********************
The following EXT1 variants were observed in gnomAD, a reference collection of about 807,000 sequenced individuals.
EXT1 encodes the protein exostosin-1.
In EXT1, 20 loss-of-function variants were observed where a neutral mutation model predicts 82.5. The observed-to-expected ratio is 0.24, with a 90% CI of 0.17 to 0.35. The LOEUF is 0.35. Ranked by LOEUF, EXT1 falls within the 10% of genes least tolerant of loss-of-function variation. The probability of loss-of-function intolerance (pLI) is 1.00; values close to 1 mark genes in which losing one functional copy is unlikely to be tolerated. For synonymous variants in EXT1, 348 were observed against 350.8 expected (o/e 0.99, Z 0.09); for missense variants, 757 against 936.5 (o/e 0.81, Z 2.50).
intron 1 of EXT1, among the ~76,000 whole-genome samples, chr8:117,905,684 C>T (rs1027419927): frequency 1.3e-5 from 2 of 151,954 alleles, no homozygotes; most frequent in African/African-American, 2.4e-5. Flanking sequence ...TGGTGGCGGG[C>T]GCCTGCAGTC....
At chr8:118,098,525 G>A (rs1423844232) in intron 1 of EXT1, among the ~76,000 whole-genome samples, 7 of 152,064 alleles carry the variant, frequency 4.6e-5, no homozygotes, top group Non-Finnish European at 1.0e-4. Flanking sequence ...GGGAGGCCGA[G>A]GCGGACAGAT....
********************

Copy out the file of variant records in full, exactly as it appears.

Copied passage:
The following EXT1 variants were observed in gnomAD, a reference collection of about 807,000 sequenced individuals.
EXT1 encodes the protein exostosin-1.
In EXT1, 20 loss-of-function variants were observed where a neutral mutation model predicts 82.5. The observed-to-expected ratio is 0.24, with a 90% CI of 0.17 to 0.35. The LOEUF is 0.35. Ranked by LOEUF, EXT1 falls within the 10% of genes least tolerant of loss-of-function variation. The probability of loss-of-function intolerance (pLI) is 1.00; values close to 1 mark genes in which losing one functional copy is unlikely to be tolerated. For synonymous variants in EXT1, 348 were observed against 350.8 expected (o/e 0.99, Z 0.09); for missense variants, 757 against 936.5 (o/e 0.81, Z 2.50).
intron 1 of EXT1, among the ~76,000 whole-genome samples, chr8:117,905,684 C>T (rs1027419927): frequency 1.3e-5 from 2 of 151,954 alleles, no homozygotes; most frequent in African/African-American, 2.4e-5. Flanking sequence ...TGGTGGCGGG[C>T]GCCTGCAGTC....
At chr8:118,098,525 G>A (rs1423844232) in intron 1 of EXT1, among the ~76,000 whole-genome samples, 7 of 152,064 alleles carry the variant, frequency 4.6e-5, no homozygotes, top group Non-Finnish European at 1.0e-4. Flanking sequence ...GGGAGGCCGA[G>A]GCGGACAGAT....